1.0




                   0
                                         12                     24                           52
                                                            Weeks

     ***p<0.001, **p<0.01 vs placebo; †p<0.05, ††p<0.01 vs formoterol
      TDI captures change from baseline at each visit. Change of ≥1
      in TDI score = clinically important improvement. Data are LSM

                                                                                   Buhl et al. ERS 2009
              Breezhaler – single dose dry powder inhaler

Onbrez is delivered in a new, proprietary dry-powder device known as the
Breezhaler®. This inhaler has been designed to be robust, compact and
straightforward to use by patients.




The Breezhaler is a single-dose dry powder inhaler:
one capsule must be inserted per inhalation.
                           ICS/LABA: reduced risk of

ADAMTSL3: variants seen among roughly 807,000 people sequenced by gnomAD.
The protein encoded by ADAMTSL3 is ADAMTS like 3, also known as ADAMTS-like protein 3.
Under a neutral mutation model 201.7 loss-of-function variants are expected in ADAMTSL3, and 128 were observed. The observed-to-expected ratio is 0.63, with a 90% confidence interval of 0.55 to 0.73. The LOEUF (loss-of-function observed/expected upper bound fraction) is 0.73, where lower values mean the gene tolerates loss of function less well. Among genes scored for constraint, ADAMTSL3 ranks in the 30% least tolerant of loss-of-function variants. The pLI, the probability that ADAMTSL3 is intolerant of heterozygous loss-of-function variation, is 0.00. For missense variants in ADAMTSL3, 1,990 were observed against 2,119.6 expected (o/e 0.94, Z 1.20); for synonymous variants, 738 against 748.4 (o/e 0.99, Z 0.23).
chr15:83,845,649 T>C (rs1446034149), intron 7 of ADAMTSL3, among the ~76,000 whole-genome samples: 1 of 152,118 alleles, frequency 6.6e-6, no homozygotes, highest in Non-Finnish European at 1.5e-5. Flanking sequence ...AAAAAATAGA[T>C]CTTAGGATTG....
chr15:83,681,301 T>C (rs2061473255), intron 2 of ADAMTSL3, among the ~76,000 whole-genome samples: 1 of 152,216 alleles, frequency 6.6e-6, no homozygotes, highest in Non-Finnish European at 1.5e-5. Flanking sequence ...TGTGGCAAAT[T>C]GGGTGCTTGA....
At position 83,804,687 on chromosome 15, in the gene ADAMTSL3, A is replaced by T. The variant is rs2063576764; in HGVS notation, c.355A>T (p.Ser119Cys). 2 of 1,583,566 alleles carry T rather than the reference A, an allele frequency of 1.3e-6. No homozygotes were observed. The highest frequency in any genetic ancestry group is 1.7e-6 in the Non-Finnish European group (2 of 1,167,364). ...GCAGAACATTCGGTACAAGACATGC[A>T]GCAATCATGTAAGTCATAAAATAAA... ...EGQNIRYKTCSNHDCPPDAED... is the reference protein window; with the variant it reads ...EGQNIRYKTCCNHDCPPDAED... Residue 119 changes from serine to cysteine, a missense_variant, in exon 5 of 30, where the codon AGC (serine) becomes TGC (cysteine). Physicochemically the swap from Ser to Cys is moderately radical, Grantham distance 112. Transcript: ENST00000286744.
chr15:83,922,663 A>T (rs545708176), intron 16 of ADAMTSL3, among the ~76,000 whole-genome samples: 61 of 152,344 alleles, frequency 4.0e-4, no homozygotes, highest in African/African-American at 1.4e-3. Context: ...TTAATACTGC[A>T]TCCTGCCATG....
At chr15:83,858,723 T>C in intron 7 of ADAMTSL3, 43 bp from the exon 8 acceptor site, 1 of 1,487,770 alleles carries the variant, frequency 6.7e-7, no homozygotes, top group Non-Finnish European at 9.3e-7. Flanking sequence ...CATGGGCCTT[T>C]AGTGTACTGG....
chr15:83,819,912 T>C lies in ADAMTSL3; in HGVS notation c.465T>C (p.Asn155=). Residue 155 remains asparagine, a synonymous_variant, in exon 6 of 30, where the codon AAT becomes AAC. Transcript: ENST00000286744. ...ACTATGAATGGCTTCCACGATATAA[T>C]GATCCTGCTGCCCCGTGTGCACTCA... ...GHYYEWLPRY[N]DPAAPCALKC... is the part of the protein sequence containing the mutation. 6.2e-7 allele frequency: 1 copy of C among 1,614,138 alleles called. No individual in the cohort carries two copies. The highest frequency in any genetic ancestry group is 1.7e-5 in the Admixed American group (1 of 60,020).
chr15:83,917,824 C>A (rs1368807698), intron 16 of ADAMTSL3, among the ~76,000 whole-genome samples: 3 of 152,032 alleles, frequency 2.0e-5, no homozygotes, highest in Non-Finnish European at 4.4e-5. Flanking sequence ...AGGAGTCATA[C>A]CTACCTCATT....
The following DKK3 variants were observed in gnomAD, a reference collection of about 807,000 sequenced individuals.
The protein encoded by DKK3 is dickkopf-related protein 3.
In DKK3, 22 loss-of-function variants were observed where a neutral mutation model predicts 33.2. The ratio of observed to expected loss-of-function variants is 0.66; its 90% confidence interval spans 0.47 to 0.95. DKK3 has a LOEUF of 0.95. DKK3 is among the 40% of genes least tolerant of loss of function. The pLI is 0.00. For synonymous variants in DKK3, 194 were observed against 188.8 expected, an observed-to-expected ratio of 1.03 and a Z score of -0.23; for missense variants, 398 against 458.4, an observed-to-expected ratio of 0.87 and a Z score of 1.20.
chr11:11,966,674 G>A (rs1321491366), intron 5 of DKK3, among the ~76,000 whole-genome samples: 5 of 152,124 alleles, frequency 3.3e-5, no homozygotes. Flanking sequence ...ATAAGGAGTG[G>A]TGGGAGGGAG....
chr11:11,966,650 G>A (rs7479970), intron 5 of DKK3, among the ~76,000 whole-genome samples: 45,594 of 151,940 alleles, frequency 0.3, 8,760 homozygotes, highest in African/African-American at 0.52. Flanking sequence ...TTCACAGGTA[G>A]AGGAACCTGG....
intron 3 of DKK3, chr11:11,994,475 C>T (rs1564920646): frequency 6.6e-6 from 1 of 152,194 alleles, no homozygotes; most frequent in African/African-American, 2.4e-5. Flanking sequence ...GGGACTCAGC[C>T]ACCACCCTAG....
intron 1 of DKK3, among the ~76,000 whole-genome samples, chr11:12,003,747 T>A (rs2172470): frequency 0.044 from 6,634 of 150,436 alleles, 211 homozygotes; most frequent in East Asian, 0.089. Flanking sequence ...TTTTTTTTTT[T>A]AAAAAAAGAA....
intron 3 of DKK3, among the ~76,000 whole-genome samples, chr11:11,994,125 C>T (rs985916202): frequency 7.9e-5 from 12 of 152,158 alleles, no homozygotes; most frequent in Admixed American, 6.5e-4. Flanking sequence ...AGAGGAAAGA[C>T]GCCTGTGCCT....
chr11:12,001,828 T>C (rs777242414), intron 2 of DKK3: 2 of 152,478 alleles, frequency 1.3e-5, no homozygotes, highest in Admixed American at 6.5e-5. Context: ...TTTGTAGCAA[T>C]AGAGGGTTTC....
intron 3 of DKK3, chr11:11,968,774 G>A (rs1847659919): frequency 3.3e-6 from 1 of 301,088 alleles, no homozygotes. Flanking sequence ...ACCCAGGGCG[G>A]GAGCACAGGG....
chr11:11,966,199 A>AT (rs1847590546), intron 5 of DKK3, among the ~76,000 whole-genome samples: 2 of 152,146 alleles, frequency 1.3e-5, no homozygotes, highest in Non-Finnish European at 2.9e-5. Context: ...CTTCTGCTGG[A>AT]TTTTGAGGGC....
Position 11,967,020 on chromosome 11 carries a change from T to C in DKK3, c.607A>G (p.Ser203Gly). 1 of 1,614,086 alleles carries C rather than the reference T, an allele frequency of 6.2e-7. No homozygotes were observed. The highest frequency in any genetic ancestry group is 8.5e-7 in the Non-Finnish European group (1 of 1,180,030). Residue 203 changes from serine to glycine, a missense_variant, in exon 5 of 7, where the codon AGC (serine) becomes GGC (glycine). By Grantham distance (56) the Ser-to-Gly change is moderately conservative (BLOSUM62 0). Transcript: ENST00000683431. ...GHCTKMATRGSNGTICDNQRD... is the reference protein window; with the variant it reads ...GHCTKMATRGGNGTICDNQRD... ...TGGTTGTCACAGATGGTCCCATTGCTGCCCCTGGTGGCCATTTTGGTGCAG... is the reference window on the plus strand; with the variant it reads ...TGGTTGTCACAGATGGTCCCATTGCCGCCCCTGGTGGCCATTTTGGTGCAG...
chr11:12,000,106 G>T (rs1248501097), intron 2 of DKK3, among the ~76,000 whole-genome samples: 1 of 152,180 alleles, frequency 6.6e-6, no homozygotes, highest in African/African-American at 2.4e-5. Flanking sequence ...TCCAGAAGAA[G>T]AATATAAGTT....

rehospitalisation or death (UK patients)
                               ICS/LABA               ICS                LABA
  Risk of             0
  rehospitalisation
  or death vs        -5
  reference
                    -10
  patients (%)
                                                                           - 10%
                    -15

                     -20                              - 16%*
                     -25
                                                                   n = 3636
                     -30

                     -35

                     -40
                                                        * p<0.05 vs reference patients
                     -45          - 41%*

     Retrospective cohort analysis of COPD-related rehospitalisations or deaths within 1 year of
     first hospitalisation in 3636 COPD patients receiving ICS and/or LABA compared with 627
     reference patients receiving short-acting β2-agonists alone (UK General Practice Research
     Database )
Soriano JB, et al. Am J Respir Med 2003;2:67–74
    RELIEF OF BREATHLESSNESS IS A KEY AIM